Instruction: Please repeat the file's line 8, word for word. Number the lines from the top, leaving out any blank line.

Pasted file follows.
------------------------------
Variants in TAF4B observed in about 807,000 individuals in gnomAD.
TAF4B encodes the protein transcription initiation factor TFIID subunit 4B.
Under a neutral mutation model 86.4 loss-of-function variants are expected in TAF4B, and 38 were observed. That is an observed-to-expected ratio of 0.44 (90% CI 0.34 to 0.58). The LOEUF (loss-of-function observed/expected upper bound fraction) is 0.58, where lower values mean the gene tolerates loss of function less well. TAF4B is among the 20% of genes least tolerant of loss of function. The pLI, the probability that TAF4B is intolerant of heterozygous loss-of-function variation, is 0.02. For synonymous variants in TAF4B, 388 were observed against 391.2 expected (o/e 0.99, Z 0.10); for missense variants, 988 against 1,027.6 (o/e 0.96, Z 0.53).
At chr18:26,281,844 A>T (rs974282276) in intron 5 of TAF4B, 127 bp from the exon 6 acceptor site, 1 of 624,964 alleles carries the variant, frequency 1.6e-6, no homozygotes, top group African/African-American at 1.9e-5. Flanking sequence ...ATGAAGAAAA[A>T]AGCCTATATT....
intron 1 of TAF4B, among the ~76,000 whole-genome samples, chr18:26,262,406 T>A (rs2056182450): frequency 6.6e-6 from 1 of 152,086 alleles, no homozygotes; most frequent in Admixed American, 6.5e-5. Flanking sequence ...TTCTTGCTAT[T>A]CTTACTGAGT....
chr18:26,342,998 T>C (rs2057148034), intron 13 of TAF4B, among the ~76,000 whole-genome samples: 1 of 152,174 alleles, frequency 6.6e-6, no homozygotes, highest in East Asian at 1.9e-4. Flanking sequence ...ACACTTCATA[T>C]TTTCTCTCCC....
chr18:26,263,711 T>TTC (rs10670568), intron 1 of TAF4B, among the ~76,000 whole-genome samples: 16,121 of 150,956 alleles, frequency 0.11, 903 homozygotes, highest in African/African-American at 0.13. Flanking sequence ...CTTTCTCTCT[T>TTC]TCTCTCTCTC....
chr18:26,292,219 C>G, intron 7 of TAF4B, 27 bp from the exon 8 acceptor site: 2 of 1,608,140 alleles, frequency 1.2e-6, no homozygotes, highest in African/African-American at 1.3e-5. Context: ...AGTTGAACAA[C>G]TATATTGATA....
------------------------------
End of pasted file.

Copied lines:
chr18:26,292,219 C>G, intron 7 of TAF4B, 27 bp from the exon 8 acceptor site: 2 of 1,608,140 alleles, frequency 1.2e-6, no homozygotes, highest in African/African-American at 1.3e-5. Context: ...AGTTGAACAA[C>G]TATATTGATA....